It's quite good, but only if you're expecting kiddie nonsense. It made me laugh.
THINGS IT GETS RIGHT
1. Its villain has a magnificent name. He's a crook, so... "Otto Krook had more to be afraid of than lions. He was afraid of being found out. Afraid of going to prison for the things he had done. That is why he sent for the police to arrest Joe Summer, the circus strong man."
2. Later, the strip tries to top this with a rogue elephant called Satan.
3. Thunderbolt Jaxon stands in for the strongman, giving Hugh McNeill lots of opportunities to draw amusingly impossible superhero feats. He throws people up to the high trapeze. He swings an elephant around by its trunk, although let's pretend to ourselves that that wouldn't result in horrific trunk injuries. He does an unusual juggling act when Krook's thugs try to beat him up. "Gosh! Juggling with men!" ("Scream!" "Scream!")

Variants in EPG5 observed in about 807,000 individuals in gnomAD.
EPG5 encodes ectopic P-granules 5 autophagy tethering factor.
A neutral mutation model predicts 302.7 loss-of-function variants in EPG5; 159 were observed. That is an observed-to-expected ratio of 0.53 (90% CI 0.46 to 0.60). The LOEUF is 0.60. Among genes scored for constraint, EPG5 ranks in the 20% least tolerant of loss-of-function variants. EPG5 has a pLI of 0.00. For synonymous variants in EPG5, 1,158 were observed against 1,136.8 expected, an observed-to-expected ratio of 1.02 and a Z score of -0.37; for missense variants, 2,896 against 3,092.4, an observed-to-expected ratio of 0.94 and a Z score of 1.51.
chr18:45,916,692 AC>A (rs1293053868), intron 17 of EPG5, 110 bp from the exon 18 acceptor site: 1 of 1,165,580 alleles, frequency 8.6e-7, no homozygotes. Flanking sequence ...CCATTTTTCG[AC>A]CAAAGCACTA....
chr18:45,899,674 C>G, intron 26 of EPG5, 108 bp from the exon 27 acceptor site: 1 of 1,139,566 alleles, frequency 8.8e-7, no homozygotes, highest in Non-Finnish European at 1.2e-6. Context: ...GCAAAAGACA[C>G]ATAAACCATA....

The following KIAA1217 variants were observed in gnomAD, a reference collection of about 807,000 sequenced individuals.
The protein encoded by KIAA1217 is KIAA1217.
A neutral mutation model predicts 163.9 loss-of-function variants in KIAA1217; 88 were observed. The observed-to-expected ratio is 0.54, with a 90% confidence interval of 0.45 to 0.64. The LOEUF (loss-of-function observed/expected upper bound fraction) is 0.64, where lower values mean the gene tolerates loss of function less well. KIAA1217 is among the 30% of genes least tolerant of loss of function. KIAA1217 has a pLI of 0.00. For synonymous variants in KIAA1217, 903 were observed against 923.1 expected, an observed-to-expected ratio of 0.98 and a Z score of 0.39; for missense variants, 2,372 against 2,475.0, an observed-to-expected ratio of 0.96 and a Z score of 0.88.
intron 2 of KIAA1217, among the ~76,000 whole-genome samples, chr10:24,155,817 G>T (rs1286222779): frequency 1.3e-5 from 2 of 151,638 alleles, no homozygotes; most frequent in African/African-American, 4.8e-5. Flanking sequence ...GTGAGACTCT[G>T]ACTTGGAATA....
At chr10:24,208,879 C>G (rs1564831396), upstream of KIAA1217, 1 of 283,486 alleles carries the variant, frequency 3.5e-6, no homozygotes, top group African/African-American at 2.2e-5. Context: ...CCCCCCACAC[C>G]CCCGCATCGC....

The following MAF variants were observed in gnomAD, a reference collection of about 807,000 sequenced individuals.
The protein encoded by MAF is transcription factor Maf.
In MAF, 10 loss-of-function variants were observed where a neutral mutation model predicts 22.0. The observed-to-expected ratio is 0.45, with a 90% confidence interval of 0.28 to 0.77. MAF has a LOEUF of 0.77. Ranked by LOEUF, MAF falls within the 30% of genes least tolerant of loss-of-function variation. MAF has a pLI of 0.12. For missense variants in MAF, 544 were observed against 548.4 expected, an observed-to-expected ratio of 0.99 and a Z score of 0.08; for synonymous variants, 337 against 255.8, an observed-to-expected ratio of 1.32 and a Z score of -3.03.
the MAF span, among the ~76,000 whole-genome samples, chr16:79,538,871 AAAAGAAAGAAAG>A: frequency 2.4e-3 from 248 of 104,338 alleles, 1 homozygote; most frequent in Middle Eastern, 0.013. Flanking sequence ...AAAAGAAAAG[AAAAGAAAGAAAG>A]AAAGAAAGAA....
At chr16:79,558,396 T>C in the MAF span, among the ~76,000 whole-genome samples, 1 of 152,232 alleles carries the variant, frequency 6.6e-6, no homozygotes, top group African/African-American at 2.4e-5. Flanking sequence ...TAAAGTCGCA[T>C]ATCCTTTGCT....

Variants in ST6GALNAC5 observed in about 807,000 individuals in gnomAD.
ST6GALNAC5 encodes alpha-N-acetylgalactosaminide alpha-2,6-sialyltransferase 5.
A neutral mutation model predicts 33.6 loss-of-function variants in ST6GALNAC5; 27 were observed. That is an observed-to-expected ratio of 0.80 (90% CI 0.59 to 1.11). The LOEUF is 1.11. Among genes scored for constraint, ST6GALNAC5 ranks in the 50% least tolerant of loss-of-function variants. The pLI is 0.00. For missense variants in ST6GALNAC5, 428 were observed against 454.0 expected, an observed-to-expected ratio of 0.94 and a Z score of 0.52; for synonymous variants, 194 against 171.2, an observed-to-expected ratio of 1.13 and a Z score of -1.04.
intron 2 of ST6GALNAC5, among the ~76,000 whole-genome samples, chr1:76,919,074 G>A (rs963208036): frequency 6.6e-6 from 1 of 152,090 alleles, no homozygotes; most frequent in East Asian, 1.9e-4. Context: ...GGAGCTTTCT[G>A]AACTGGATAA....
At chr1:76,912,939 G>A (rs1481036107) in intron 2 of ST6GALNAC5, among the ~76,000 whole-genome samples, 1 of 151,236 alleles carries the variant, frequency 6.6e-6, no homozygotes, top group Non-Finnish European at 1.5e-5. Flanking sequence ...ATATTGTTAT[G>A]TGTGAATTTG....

4. "So Thunderbolt Jaxon gathers up Krook's trio of ill-treated lions and, carried by the power of the magic belt, flashes around the world to Africa."
Yeah, I know. I'm praising cartoonish, superficial nonsense. Well, so be it. Anyone expecting a 1949 kiddie superhero comic to be Alan Moore needs an expectation reset. The character's basically Superman with a slightly sillier physique, so give us amusing Superman exploits. That we get. Job done.
The artwork's unremarkable, but fine. (McNeill draws an exciting elephant.) The plot's perfectly acceptable for nine pages. I quite like the "small boy turns into Thor" conceit, with Jaxon starting and finishing the story as a small blond boy. This is jolly good fun, chaps.